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What do you expect of the leader (coaching partner) and their organization?

If the leader isn’t committed to personal and professional development, coaching may not be the best choice. For executive coaching to be most effective, the leader needs to make the following commitments:

  • Allocate adequate time (typically 90 minutes) for coaching sessions
  • Be willing to practice new behaviors
  • Accept feedback on blind spots
  • Reflect on successes and failures
  • Consider different perspectives and points of view
  • Risk challenging current beliefs
  • Follow-through on coaching assignments

The organization has responsibilities, too. It is the context for coaching; therefore the goals and purpose of coaching need to be clearly articulated from an organizational perspective. If there are performance issues, it is the responsibility of the organization to provide this feedback to the leader in advance of coaching.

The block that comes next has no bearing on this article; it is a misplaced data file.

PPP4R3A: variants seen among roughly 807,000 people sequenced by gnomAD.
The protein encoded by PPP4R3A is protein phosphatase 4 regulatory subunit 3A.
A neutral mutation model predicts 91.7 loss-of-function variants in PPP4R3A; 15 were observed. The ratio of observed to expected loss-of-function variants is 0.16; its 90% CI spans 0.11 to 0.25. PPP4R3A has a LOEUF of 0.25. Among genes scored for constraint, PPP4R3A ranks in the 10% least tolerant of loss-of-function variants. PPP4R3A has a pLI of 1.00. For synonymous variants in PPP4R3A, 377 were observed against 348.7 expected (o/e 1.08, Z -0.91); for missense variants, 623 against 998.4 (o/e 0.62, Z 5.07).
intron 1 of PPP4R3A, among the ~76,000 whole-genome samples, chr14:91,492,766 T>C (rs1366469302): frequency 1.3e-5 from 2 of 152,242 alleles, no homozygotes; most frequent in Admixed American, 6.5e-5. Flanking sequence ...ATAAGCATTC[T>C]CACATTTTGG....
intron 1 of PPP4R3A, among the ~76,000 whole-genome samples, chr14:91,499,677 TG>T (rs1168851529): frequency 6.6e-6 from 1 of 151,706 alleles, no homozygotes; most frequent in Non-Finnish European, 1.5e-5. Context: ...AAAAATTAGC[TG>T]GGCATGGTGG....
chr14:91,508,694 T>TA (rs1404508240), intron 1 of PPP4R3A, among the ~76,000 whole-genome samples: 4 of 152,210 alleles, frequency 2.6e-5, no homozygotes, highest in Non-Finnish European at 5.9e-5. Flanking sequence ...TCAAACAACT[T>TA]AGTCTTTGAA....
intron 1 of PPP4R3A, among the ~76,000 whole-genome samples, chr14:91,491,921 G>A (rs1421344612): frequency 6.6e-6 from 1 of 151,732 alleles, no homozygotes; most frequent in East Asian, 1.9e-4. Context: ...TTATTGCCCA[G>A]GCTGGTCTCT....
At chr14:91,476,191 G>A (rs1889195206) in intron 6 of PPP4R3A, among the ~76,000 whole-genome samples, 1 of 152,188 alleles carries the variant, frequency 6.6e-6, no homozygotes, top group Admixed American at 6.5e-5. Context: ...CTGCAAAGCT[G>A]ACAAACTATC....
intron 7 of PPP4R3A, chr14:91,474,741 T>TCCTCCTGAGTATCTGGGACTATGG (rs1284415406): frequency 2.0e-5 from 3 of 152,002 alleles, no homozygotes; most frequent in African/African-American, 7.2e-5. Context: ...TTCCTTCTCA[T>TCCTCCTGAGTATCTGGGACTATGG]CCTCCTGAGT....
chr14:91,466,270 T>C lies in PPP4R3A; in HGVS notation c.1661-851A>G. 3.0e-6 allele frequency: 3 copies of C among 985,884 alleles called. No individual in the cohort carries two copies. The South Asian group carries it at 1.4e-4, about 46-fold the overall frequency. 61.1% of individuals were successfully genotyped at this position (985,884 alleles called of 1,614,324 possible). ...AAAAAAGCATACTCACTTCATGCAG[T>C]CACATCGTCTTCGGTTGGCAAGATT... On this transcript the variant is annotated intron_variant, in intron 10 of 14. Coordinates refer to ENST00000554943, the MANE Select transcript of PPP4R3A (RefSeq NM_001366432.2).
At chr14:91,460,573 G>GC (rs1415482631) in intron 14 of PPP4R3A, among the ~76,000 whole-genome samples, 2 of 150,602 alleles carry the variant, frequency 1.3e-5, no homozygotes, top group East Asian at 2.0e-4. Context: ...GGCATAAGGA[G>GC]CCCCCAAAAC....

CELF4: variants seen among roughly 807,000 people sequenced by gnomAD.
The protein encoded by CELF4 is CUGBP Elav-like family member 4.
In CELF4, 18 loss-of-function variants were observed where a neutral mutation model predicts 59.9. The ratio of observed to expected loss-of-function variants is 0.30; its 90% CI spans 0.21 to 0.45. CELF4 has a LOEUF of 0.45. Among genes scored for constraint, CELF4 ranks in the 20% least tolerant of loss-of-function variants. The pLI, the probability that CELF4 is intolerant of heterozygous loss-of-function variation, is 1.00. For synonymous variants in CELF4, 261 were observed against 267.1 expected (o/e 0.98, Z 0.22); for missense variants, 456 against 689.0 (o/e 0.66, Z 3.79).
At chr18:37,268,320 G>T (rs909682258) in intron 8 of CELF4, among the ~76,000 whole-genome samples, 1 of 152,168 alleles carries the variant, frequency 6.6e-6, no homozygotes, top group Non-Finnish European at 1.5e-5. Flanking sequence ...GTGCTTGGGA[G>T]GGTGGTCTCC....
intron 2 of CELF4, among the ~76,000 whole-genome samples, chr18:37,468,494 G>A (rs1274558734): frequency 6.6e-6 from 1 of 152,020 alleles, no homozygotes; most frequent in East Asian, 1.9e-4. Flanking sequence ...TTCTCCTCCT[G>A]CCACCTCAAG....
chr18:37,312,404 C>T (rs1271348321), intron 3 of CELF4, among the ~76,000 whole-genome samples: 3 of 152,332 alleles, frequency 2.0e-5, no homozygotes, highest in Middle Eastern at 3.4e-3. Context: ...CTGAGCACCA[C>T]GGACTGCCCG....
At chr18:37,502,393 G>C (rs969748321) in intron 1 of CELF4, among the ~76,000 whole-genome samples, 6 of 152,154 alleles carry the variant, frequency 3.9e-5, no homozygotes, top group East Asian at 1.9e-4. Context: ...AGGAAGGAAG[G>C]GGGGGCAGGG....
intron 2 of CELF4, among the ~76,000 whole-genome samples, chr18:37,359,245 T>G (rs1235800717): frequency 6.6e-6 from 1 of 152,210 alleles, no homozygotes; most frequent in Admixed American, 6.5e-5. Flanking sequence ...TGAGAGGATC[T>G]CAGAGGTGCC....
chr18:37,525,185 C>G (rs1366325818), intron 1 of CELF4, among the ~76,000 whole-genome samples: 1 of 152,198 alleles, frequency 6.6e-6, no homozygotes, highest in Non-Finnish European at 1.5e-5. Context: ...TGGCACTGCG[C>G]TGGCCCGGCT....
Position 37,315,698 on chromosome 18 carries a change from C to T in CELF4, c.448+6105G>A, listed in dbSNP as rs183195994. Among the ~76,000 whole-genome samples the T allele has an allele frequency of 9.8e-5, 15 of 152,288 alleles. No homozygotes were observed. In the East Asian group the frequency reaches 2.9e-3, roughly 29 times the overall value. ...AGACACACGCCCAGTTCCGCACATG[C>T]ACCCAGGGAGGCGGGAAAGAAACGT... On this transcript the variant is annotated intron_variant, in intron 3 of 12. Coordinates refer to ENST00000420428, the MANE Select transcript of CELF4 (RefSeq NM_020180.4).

The leader will need time to participate in the coaching sessions, and time to make changes. Leaders generally need four to six hours each month for coaching conversations and three to six months to make changes.

On-going feedback is essential to support the change process. Key stakeholders within the organization need to be willing to provide the leader with feedback. This includes periodic three-way conversations among the coach, the coaching partner and a representative from the organization.

The organization needs to trust the coach and the leader to have confidential conversations that align with the desired goals. Last, the organizational culture needs to support professional growth and development.